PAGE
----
We’re collaborating with communities in South Asia to create a more sustainable future.

Human populations are growing, habitats are shrinking and climates are changing, resulting in people and wildlife facing more challenges to find space, food and resources to survive. Animals are being forced to venture into villages, towns and cities in search of food and space.

We share this AMAZING planet with over eight million other species so it’s important that we find a way to safely live alongside one another.

Working with local communities is really important if we want conservation projects to be a success. We’re collaborating with communities in South Asia on projects that benefit people and wildlife for a more sustainable future.

Our pioneering work to tackle human-wildlife conflict will protect Asian elephants in India and tigers in Nepal.

A group of children from local community in Assam
Act for Wildlife’s Assam Haathi Project in India is helping to protect people and elephants from harm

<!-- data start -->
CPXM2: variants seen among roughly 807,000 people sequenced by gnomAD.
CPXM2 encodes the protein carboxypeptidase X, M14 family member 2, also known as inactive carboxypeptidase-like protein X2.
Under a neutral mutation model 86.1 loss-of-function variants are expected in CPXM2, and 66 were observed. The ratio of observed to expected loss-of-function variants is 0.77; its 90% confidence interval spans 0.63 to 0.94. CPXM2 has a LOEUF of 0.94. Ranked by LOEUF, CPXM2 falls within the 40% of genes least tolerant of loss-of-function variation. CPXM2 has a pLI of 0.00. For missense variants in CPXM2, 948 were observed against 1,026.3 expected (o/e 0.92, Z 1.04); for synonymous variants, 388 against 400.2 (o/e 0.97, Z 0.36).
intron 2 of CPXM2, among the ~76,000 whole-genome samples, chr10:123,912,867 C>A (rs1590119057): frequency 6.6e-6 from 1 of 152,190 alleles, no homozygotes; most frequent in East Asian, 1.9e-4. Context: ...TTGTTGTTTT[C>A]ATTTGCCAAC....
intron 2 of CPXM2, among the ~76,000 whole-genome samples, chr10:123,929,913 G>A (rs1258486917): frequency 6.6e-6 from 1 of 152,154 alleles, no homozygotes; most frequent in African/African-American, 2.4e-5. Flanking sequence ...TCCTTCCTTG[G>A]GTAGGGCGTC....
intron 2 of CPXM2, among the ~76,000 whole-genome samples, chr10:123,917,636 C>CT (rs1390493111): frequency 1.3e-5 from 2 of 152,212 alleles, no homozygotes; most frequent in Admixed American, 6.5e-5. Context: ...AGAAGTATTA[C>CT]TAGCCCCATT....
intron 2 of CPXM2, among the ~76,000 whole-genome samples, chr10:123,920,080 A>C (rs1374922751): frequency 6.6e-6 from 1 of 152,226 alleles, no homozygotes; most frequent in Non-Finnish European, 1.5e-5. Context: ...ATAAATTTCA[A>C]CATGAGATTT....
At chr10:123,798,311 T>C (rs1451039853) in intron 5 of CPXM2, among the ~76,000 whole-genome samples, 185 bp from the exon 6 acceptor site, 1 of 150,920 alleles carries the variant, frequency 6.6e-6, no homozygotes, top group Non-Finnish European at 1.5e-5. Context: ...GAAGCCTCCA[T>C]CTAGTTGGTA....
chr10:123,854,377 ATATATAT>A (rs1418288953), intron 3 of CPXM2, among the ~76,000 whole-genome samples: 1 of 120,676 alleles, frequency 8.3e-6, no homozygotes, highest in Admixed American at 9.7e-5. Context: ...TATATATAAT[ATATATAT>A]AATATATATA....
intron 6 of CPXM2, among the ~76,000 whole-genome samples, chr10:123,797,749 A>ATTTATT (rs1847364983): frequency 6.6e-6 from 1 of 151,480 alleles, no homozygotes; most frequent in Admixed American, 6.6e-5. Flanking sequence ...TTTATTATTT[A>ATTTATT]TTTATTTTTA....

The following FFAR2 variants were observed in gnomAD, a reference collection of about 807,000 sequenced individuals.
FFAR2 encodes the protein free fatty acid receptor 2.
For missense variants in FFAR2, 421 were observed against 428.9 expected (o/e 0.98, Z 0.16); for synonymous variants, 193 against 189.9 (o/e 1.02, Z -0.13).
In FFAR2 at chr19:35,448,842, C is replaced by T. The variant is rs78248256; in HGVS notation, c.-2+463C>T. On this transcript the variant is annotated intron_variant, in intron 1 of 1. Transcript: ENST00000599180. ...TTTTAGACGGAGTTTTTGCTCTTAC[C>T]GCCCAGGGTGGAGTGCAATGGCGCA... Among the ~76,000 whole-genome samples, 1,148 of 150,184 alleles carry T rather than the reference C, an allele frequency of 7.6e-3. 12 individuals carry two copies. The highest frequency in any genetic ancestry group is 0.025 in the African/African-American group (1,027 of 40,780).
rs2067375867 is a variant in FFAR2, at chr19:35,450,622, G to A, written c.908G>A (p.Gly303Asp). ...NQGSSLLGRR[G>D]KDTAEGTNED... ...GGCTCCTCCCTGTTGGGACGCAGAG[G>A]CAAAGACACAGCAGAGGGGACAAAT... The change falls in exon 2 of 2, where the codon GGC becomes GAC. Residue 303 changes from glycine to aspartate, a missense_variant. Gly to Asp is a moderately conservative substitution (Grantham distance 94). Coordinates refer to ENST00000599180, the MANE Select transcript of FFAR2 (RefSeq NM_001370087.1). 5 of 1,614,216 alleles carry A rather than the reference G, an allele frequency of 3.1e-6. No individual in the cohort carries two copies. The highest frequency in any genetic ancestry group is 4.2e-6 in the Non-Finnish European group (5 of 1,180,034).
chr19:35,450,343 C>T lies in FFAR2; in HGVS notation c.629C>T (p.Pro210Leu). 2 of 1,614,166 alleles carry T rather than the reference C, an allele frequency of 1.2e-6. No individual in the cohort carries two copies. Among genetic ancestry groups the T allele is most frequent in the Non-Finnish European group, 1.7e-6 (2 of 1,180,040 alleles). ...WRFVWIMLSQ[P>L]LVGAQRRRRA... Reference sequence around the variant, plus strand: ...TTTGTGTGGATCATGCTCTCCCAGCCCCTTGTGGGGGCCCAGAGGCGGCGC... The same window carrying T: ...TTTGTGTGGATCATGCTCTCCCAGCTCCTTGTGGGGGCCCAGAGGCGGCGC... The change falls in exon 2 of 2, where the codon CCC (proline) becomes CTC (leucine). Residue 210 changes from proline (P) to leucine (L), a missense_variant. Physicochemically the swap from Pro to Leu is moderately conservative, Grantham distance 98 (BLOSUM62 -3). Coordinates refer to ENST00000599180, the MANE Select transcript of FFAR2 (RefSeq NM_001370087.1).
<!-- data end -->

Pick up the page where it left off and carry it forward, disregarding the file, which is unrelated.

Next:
WE'RE BREEDING THE CRITICALLY ENDANGERED BLUE-CROWNED LAUGHING THRUSH

Found in only two tiny areas of China, it is estimated that there are less than 200 left in the wild, making them one of the rarest species at Chester Zoo. These birds are extremely precious and are part of a vital conservation breeding programme should they ever become extinct in the wild.

Bluecrownedlaughingthrush

WE'RE DOING VITAL RESEARCH TO STOP A KILLER DISEASE

Young elephants around the world are also dying from a deadly disease, called elephant endotheliotropic herpesvirus (EEHV). This complex virus could have a catastrophic effect on the global conservation of the species, pushing this already endangered animal closer to extinction.

We've lost five young elephants in recent years to this terrible disease so for us this fight is personal.

FIND OUT MORE ABOUT EEHV arrow
Two Asian elephant calves playing together